Why look at a guidebook to Arizona businesses from 1982? The pictures and descriptions are a wonderful slice of life from almost four decades past. From nightclubs to computer shops to radio stations, the Valley Register provides a nice glimpse into local retail, food and entertainment businesses.
The ’82 fashions and hair styles are impeccable.
Seems like a rather racy picture for a coin collector’s shop.
The whole Urban Cowboy thing was big in ’82.
Is it just me, or do you find it a bit odd for a restaurant ad to feature Anita in a hot tub? “Come on in the water’s fine!”
At Bogart’s you can enjoy the final days of disco.
Pretty impressive to have Robin Williams and (my favorite) Murray Langston.
Back when radio stations actually employed real humans to play music.
Featuring Ron Burgundy and Veronica Corningstone. Stay Classy, Phoenix!
From Wikipedia: Honkytonk Sue: The Queen of Western Swing is a comic character which first appeared in National Lampoon in 1977. It was created by Bob Boze Bell. Honkytonk Sue later appeared as a weekly comic strip in the Phoenix New Times from 1978 to 1980. The character was optioned by Columbia Pictures in 1983, and Larry McMurtry, among others, worked on scripts (four were created over a two-year period) for a Goldie Hawn vehicle, that was never made.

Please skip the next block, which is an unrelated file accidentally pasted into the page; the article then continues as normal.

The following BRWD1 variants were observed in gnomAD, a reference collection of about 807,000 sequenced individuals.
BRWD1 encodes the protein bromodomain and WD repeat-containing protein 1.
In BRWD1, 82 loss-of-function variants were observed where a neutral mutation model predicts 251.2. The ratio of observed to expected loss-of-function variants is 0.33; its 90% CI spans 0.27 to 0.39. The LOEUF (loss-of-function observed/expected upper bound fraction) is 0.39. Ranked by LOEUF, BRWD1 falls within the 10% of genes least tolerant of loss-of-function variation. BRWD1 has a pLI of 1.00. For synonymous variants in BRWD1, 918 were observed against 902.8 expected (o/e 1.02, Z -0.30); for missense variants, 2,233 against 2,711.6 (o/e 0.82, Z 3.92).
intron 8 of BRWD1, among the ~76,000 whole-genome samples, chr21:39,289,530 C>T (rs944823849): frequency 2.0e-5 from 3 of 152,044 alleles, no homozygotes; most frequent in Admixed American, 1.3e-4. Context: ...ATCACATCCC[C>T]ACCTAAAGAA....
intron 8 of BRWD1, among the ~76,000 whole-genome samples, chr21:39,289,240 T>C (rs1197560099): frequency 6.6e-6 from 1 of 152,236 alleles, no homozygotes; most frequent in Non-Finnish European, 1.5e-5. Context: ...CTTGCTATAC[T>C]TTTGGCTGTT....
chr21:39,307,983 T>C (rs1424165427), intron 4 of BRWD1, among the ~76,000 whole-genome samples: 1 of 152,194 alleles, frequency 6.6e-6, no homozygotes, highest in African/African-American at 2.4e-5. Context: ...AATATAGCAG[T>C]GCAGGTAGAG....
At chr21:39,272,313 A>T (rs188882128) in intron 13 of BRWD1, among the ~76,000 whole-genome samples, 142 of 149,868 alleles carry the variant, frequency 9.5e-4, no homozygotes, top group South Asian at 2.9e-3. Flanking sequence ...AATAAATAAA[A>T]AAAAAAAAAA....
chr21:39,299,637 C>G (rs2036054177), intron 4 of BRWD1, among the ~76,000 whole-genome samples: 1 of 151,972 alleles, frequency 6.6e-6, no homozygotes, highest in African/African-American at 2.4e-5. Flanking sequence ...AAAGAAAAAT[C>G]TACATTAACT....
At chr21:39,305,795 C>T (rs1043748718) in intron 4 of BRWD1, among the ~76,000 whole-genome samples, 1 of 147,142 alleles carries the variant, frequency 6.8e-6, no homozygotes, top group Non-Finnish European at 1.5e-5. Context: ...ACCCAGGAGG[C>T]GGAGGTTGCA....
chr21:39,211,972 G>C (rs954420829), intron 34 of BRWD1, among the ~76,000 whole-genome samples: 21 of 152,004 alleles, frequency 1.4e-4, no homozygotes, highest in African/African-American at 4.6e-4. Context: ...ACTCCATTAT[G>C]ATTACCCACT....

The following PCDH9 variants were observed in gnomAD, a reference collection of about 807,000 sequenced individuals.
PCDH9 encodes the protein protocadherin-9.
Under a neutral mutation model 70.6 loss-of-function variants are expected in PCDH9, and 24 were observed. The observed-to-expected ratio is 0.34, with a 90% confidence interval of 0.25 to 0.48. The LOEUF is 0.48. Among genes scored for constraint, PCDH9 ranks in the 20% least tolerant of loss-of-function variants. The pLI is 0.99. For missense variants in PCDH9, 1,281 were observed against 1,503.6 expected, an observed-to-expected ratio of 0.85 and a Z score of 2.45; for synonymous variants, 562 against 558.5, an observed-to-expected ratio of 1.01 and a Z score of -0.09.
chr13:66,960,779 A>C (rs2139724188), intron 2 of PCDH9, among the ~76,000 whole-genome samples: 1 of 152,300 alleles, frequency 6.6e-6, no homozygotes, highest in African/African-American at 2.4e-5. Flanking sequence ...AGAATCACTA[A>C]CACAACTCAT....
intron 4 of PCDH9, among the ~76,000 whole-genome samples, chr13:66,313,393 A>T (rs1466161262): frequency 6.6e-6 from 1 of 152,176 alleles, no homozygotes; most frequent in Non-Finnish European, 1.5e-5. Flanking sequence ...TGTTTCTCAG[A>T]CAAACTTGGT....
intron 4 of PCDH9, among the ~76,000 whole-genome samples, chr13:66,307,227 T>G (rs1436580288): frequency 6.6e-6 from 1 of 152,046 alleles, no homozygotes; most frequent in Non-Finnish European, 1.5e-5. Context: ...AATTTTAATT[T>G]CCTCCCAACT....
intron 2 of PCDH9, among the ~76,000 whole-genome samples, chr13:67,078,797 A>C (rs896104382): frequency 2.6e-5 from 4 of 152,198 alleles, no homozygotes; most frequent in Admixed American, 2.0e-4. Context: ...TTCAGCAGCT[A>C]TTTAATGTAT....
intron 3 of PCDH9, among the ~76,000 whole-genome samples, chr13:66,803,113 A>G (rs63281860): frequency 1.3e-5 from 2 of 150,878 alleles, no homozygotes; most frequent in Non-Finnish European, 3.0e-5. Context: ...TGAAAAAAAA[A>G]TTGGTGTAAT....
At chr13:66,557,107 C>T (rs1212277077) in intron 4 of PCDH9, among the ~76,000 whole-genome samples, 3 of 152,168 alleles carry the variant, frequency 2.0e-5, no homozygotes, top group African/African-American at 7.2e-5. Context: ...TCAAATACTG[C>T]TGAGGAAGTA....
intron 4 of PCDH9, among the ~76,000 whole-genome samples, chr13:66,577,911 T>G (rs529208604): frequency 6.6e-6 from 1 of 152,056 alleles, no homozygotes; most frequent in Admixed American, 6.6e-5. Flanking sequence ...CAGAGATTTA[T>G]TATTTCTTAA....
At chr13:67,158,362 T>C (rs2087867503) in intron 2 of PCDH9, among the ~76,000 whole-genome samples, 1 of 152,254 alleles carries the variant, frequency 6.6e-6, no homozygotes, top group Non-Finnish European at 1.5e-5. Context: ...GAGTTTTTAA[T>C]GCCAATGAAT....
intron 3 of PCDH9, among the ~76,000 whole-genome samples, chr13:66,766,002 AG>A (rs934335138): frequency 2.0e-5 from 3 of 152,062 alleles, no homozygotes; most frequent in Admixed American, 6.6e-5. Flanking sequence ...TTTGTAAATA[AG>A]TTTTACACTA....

“It’s the only place in town where you can reach out and touch someone without getting in trouble” says some dude named Tracy.
What a variety in entertainment – one night it’s a Dolly Parton lookalike contest, the next, full contact karate.
I am not getting this Greatest American Hero reference. William Katt played the clumsy superhero who didn’t understand his suit’s powers… who’s this Godel guy?
Do you really want this sort of entertainment? I’m thinking they just make things awkward.
Read the description – this Tomas guy sounds like an eccentric Renaissance man.
I’ll take the Cat People and the Phantom of the Paradise posters.
This is just so unusual. A store for individually made greeting cards – endorsed by Rusty Warren?